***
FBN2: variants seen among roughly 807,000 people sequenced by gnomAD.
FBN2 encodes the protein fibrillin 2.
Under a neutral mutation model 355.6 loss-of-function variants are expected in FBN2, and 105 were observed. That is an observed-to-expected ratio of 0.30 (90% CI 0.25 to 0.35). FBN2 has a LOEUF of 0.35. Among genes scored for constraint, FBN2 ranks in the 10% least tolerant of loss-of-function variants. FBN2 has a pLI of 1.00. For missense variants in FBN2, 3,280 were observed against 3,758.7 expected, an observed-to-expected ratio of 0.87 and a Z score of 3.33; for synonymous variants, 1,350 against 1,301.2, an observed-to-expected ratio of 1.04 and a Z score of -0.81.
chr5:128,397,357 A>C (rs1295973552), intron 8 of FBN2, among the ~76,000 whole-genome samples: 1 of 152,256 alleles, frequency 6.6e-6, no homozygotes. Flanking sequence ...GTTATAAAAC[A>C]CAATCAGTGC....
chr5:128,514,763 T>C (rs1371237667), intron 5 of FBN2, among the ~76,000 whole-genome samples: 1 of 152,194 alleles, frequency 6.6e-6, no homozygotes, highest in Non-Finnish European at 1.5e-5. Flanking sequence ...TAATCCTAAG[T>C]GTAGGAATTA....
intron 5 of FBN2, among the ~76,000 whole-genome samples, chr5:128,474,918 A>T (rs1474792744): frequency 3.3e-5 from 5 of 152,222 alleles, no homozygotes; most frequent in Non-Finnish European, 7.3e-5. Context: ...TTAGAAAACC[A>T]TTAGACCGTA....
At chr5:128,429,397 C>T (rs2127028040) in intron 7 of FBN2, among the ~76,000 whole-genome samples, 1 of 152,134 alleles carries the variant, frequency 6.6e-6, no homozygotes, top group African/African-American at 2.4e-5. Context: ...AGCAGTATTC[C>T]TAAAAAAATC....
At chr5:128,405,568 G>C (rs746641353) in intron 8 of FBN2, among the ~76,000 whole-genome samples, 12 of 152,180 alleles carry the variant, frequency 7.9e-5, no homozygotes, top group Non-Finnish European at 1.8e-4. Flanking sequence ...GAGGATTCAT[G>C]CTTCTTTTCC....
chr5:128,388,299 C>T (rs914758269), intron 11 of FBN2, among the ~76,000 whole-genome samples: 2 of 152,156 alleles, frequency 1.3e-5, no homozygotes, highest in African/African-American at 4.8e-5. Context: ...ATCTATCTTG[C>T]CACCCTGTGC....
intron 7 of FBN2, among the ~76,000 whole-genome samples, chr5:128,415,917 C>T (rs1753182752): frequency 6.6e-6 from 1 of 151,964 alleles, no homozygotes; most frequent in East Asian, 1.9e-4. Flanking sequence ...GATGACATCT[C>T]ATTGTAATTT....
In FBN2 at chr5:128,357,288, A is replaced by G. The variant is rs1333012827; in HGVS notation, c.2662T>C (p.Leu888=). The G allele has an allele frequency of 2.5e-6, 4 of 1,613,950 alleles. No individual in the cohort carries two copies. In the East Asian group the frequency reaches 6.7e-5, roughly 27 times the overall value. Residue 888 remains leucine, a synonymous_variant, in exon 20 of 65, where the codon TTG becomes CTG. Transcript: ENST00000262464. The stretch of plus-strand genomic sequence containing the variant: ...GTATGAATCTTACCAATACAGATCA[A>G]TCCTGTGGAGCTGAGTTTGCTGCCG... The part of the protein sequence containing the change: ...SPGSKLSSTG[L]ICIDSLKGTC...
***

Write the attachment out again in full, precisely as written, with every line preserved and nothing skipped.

FBN2: variants seen among roughly 807,000 people sequenced by gnomAD.
FBN2 encodes the protein fibrillin 2.
Under a neutral mutation model 355.6 loss-of-function variants are expected in FBN2, and 105 were observed. That is an observed-to-expected ratio of 0.30 (90% CI 0.25 to 0.35). FBN2 has a LOEUF of 0.35. Among genes scored for constraint, FBN2 ranks in the 10% least tolerant of loss-of-function variants. FBN2 has a pLI of 1.00. For missense variants in FBN2, 3,280 were observed against 3,758.7 expected, an observed-to-expected ratio of 0.87 and a Z score of 3.33; for synonymous variants, 1,350 against 1,301.2, an observed-to-expected ratio of 1.04 and a Z score of -0.81.
chr5:128,397,357 A>C (rs1295973552), intron 8 of FBN2, among the ~76,000 whole-genome samples: 1 of 152,256 alleles, frequency 6.6e-6, no homozygotes. Flanking sequence ...GTTATAAAAC[A>C]CAATCAGTGC....
chr5:128,514,763 T>C (rs1371237667), intron 5 of FBN2, among the ~76,000 whole-genome samples: 1 of 152,194 alleles, frequency 6.6e-6, no homozygotes, highest in Non-Finnish European at 1.5e-5. Flanking sequence ...TAATCCTAAG[T>C]GTAGGAATTA....
intron 5 of FBN2, among the ~76,000 whole-genome samples, chr5:128,474,918 A>T (rs1474792744): frequency 3.3e-5 from 5 of 152,222 alleles, no homozygotes; most frequent in Non-Finnish European, 7.3e-5. Context: ...TTAGAAAACC[A>T]TTAGACCGTA....
At chr5:128,429,397 C>T (rs2127028040) in intron 7 of FBN2, among the ~76,000 whole-genome samples, 1 of 152,134 alleles carries the variant, frequency 6.6e-6, no homozygotes, top group African/African-American at 2.4e-5. Context: ...AGCAGTATTC[C>T]TAAAAAAATC....
At chr5:128,405,568 G>C (rs746641353) in intron 8 of FBN2, among the ~76,000 whole-genome samples, 12 of 152,180 alleles carry the variant, frequency 7.9e-5, no homozygotes, top group Non-Finnish European at 1.8e-4. Flanking sequence ...GAGGATTCAT[G>C]CTTCTTTTCC....
chr5:128,388,299 C>T (rs914758269), intron 11 of FBN2, among the ~76,000 whole-genome samples: 2 of 152,156 alleles, frequency 1.3e-5, no homozygotes, highest in African/African-American at 4.8e-5. Context: ...ATCTATCTTG[C>T]CACCCTGTGC....
intron 7 of FBN2, among the ~76,000 whole-genome samples, chr5:128,415,917 C>T (rs1753182752): frequency 6.6e-6 from 1 of 151,964 alleles, no homozygotes; most frequent in East Asian, 1.9e-4. Flanking sequence ...GATGACATCT[C>T]ATTGTAATTT....
In FBN2 at chr5:128,357,288, A is replaced by G. The variant is rs1333012827; in HGVS notation, c.2662T>C (p.Leu888=). The G allele has an allele frequency of 2.5e-6, 4 of 1,613,950 alleles. No individual in the cohort carries two copies. In the East Asian group the frequency reaches 6.7e-5, roughly 27 times the overall value. Residue 888 remains leucine, a synonymous_variant, in exon 20 of 65, where the codon TTG becomes CTG. Transcript: ENST00000262464. The stretch of plus-strand genomic sequence containing the variant: ...GTATGAATCTTACCAATACAGATCA[A>G]TCCTGTGGAGCTGAGTTTGCTGCCG... The part of the protein sequence containing the change: ...SPGSKLSSTG[L]ICIDSLKGTC...